TUNIS (Reuters) - Hundreds of Salafi Islamists, angered by an art exhibition they say insults Muslims, clashed with police in Tunis on Tuesday, raising religious tensions in the home of the Arab Spring.
Protesters blocked streets and set tyres alight in the working class Ettadamen and Sidi Hussein districts of the capital overnight, hurling petrol bombs at police in some of the worst confrontations since last year’s revolt ousted Zine al-Abidine Ben Ali and began the Arab Spring.
An Interior Ministry official told Reuters 86 people had been detained overnight and seven members of the security forces had been wounded as they tried to quell the rioting by using tear gas and firing into the air.
By morning, protests had spread to a number of residential districts, with young men preventing trams from passing through the Intilaqa district of the capital, where shops remained closed. There was evidence of looting in some areas, where shop windows were smashed.
The clashes come a day after a group of Salafis, who follow a puritanical interpretation of Islam, forced their way into an art exhibition in the upscale La Marsa suburb and defaced works they deemed offensive.
The work that appears to have caused the most fury and polarised Tunisians, spelt out the name of God using insects.
“These artists are attacking Islam and this is not new. Islam is targeted,” said a youth, who gave his name as Ali and had removed his shirt and was preparing to confront police in Ettadamen.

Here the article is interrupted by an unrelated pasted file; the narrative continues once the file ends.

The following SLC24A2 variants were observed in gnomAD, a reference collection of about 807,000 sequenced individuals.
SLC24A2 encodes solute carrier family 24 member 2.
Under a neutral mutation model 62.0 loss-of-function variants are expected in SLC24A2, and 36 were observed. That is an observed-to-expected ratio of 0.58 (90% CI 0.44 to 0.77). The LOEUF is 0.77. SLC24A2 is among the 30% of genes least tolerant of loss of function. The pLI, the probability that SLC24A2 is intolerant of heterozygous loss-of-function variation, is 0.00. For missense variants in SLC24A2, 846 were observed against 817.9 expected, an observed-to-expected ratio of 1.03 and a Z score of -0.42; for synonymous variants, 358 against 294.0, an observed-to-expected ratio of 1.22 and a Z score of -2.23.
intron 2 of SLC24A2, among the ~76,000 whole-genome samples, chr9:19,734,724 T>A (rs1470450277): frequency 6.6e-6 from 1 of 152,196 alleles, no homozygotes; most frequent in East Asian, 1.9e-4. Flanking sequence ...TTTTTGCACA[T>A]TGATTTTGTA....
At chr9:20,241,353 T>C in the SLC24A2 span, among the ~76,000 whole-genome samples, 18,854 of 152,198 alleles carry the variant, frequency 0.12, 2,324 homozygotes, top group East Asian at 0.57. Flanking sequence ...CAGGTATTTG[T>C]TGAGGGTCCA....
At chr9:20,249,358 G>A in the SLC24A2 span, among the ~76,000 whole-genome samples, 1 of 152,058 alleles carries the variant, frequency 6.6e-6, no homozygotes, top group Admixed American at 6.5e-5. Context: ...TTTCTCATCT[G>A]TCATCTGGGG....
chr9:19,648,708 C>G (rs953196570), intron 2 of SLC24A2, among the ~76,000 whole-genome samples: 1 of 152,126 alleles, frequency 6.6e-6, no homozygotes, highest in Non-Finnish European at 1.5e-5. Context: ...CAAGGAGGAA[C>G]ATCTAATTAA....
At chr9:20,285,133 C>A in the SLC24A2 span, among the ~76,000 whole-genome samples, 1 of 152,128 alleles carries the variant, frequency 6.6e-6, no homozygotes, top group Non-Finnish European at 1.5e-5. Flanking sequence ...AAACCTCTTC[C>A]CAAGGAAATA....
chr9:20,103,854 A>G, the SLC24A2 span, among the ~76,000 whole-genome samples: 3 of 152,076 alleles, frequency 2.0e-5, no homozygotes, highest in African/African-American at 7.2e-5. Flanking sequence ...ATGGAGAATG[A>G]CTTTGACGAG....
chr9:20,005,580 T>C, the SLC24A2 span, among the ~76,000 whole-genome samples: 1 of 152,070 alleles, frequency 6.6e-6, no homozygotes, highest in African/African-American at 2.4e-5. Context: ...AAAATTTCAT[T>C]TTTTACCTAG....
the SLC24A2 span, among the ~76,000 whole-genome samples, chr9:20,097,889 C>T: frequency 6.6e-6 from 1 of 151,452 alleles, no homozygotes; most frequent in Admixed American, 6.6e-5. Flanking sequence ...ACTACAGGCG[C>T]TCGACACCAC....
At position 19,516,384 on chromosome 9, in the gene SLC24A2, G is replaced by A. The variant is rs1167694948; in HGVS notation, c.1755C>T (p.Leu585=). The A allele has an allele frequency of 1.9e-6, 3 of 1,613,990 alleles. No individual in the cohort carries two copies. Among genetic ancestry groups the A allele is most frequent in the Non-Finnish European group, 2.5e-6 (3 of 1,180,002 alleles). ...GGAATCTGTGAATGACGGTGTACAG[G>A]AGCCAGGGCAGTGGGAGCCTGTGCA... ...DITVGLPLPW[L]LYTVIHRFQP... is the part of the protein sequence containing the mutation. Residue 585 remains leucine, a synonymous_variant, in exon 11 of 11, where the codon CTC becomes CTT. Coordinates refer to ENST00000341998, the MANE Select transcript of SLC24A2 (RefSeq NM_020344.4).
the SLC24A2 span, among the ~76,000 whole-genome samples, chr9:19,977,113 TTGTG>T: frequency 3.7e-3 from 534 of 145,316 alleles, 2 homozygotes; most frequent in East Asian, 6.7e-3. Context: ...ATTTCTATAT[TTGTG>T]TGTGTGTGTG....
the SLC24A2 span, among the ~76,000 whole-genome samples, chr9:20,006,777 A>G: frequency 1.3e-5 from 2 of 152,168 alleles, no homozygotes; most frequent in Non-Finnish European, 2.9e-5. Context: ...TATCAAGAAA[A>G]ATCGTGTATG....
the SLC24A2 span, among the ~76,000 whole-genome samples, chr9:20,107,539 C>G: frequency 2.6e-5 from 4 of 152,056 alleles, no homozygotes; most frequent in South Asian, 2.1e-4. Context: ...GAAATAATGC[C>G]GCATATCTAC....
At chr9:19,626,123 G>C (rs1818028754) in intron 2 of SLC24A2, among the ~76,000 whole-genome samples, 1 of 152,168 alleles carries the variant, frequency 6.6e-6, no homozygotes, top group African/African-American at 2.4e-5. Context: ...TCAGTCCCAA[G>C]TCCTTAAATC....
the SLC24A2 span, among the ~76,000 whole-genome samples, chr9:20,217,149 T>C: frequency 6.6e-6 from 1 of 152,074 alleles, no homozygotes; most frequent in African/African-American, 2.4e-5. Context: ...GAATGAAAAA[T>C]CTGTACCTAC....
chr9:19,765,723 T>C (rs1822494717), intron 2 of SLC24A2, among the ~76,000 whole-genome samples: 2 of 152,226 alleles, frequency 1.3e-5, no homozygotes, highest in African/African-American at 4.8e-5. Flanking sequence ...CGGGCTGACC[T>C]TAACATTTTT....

“What has added fuel to the flames is the silence of the government which has taken no decision,” said Ali, who did not describe himself as a Salafi.
In a statement released before the protests, Ennahda, the moderate Islamist party that now leads the government, condemned what it described as provocations and insults against religion but urged its own supporters to respond peacefully.
The violence puts Ennahda in a difficult position.
While Islamists did not play a major role in the revolution, the struggle over the role of Islam in government and society has since emerged as the most divisive issue in Tunisian politics and several clashes have erupted in recent months.
Salafis, some of whom are loyal to al Qaeda, want a broader role for religion in the new Tunisia, alarming secular elites who fear they will seek to impose their views and ultimately undermine the nascent democracy.
Last month, Salafis attacked bars and shops selling alcohol in at least two provincial towns, clashing with locals and police and prompting the justice minister, a member of Ennahda, to promise that perpetrators would be punished.
The clashes come a day after the leader of al Qaeda called on Tunisians to defend Islamic law from Ennahda, which won the first post-revolutionary election in North Africa in October and has said it would not seek to impose sharia (Islamic law) in the new constitution that is being drawn up.
In an audio recording attributed to Ayman al-Zawahri and released on Islamist websites, the al Qaeda leader said Ennahda, which leads the government in coalition with two secular groups, had betrayed the religion.
While pushing for a greater role for Islam, Tunisian Salafi leaders have said they would do so peacefully and did not intend to clash with Ennahda.
However, Salafis say they draw the line at actions they believe humiliate Muslims or undermine the religion.
Secularists say Salafis are unwilling to tolerate alternative points of view and seek to stifle freedom of expression. They say Ennahda has been too lenient with Salafis, giving them the confidence to step up their demands.
Writing by Lin Noueihed; Editing by Janet Lawrence